Joseph, the Tailor-Made Man
Posted on 27 September 2013
Touted as the most elaborate production to ever be staged in PJ Live Arts, The Tailor-Made Man retold the epic story of Old Testament Joseph, set in a stempunk Canaan/Egypt. In this adaptation, Joseph is an enthusiastic, exasperating young man — and like the bible version, he endures a trial of faith, interprets dreams, and learns that it takes patience to be part of God’s plans.
Joseph has some serious business chutzpah, and when Joseph’s petty older brothers learn he stands to inherit the family business, they have him kidnapped and sold into slavery.
Mr Potiphar purchases Joseph at a slave market, and catches him doing the accounts on the sly. Joseph is then promoted, profits grow, and things go well! Then Joseph spurns the lusty Mrs Potiphar, and she has him thrown in prison, where he expresses much anger over his hardships despite having done “the right things”. However, Joseph’s administrative skills are also seen there and he’s soon running the place. Enter fellow prisoners baker and butler, or in this production, the Finance Minister and Personal Assistant, each with strange dreams. Joseph interprets them: one will be executed and the other reinstated to power. To the latter he says, “All I ask is that you remember me.” Two years later she recommends Joseph’s talents to the Pharoah, who requires a convincing dream interpreter. Joseph’s vision helps the country weather a famine that spreads through the lands, and he becomes the Viceroy of Egypt. His father and brothers come to Egypt, begging for food, and he munificently forgives them. All the while, Joseph has lucid dreams where he interacts with an enigmatic Tailor (God, played by Darren Yeoh) who tells him that he is defined by his choices.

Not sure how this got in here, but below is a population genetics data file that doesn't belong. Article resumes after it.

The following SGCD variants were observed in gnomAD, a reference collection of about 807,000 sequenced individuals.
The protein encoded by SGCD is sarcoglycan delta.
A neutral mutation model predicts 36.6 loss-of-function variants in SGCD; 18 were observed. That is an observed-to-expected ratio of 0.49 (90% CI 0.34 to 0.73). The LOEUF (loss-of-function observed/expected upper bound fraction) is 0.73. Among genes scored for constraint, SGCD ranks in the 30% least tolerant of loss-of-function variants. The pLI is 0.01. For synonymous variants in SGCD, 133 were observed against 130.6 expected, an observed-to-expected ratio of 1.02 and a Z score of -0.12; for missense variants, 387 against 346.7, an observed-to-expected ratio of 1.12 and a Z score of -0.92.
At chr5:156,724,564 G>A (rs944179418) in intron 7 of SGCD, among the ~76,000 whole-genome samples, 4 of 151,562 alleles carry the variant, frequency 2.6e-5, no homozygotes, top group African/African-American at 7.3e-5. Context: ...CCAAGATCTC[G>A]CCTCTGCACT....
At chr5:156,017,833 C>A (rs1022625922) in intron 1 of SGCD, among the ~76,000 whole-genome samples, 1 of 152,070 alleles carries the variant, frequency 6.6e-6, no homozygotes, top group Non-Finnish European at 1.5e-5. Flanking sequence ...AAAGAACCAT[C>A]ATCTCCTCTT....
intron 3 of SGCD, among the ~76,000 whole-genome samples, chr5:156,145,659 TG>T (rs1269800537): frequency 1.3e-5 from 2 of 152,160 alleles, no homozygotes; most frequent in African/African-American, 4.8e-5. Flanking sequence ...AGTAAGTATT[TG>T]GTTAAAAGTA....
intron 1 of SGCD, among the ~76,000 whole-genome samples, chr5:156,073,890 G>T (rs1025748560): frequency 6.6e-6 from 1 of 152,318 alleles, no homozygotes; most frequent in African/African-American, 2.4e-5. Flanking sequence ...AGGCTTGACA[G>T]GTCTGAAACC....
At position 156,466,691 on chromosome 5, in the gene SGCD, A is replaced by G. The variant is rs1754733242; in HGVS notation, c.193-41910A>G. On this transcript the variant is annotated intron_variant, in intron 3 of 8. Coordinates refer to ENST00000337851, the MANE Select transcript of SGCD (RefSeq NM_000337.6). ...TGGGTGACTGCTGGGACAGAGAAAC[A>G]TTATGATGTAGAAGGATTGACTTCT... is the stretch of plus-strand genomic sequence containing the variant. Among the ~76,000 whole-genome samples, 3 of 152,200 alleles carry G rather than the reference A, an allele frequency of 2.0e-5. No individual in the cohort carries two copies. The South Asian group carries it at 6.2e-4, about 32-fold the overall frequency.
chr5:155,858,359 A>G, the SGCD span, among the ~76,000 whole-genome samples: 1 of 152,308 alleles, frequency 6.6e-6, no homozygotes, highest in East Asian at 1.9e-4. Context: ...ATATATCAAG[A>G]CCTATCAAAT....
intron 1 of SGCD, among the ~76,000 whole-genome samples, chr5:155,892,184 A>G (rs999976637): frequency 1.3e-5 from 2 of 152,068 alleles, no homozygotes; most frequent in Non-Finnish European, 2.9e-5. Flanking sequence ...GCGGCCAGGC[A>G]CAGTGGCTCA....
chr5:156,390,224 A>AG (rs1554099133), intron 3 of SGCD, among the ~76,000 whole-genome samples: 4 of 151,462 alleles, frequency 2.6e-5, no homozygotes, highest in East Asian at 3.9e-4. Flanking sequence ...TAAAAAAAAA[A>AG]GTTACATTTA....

The Moral of the Story
Stay true to your dreams and ambitions. Keep faith and integrity even in hardship, such as when your brothers sell you into slavery, or when your boss’ wife throws you into prison for not sleeping with her. There were nice original songs (recorded, not sung live) and quite beautiful animated sequences for the dreams.
There were nice original songs (recorded, not sung live) and quite beautiful animated sequences for the dreams.
In keeping with much local/Singaporean English-language original theatre, the writing ran a bit long. The Joseph story is certainly very long and episodic, so the difficulty there is obvious. There were a lot of jokes and bits that were entertaining but not necessary, and a lot of the type of acting where you musn’t show your back to the audience and you certainly address them when making the big statements.
The Not-So-Moral of the Story
An uncomfortable moment — the three experts Pharaoh brings to intepret his dreams are a psychologist (“They’re about your sexual insecurities,”), a new-age dream expert (“We have to go to war,”), and a rather ridiculous Hindu guru. The guru proposes a series of strange rituals, says that dreams are messages from the gods, and does funny Bhangra-ish dancing to lots of laughter and wore intense face paint.
It seemed to say “Look at this caricature of Otherness — this funny person with his funny polytheist religion and his funny accent”. The Tailor-God also literally made the guru slap himself in the face. Quite off-putting when considering the largely protestant-Christian slant of this show and that protestant-Christians in the Klang Valley seem to be a mostly Chinese demographic. Is it racist? Does it contribute to a certain view of Indian people and Hinduism? Is it symptomatic of our intensely divided societies? I don’t know.